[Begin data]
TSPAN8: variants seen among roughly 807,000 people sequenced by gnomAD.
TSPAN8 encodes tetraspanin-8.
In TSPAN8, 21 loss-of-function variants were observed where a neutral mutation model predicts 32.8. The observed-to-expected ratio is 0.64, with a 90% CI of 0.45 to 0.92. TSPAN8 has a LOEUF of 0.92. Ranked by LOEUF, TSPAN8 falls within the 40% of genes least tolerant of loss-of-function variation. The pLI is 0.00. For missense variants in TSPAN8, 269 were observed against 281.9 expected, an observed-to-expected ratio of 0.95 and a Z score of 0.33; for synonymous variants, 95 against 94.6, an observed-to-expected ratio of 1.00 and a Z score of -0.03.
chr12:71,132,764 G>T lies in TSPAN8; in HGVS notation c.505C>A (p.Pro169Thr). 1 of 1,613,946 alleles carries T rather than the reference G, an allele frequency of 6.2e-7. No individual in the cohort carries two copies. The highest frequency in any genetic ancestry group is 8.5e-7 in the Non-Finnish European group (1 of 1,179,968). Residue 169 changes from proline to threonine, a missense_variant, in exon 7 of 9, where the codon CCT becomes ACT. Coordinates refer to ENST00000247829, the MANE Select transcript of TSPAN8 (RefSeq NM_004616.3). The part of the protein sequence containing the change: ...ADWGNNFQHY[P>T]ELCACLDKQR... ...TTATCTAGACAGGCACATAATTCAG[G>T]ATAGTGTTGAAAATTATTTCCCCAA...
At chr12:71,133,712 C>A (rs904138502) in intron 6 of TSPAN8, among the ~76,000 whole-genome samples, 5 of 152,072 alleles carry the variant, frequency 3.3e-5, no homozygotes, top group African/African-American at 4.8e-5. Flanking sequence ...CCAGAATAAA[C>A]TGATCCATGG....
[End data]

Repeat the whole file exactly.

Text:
TSPAN8: variants seen among roughly 807,000 people sequenced by gnomAD.
TSPAN8 encodes tetraspanin-8.
In TSPAN8, 21 loss-of-function variants were observed where a neutral mutation model predicts 32.8. The observed-to-expected ratio is 0.64, with a 90% CI of 0.45 to 0.92. TSPAN8 has a LOEUF of 0.92. Ranked by LOEUF, TSPAN8 falls within the 40% of genes least tolerant of loss-of-function variation. The pLI is 0.00. For missense variants in TSPAN8, 269 were observed against 281.9 expected, an observed-to-expected ratio of 0.95 and a Z score of 0.33; for synonymous variants, 95 against 94.6, an observed-to-expected ratio of 1.00 and a Z score of -0.03.
chr12:71,132,764 G>T lies in TSPAN8; in HGVS notation c.505C>A (p.Pro169Thr). 1 of 1,613,946 alleles carries T rather than the reference G, an allele frequency of 6.2e-7. No individual in the cohort carries two copies. The highest frequency in any genetic ancestry group is 8.5e-7 in the Non-Finnish European group (1 of 1,179,968). Residue 169 changes from proline to threonine, a missense_variant, in exon 7 of 9, where the codon CCT becomes ACT. Coordinates refer to ENST00000247829, the MANE Select transcript of TSPAN8 (RefSeq NM_004616.3). The part of the protein sequence containing the change: ...ADWGNNFQHY[P>T]ELCACLDKQR... ...TTATCTAGACAGGCACATAATTCAG[G>T]ATAGTGTTGAAAATTATTTCCCCAA...
At chr12:71,133,712 C>A (rs904138502) in intron 6 of TSPAN8, among the ~76,000 whole-genome samples, 5 of 152,072 alleles carry the variant, frequency 3.3e-5, no homozygotes, top group African/African-American at 4.8e-5. Flanking sequence ...CCAGAATAAA[C>A]TGATCCATGG....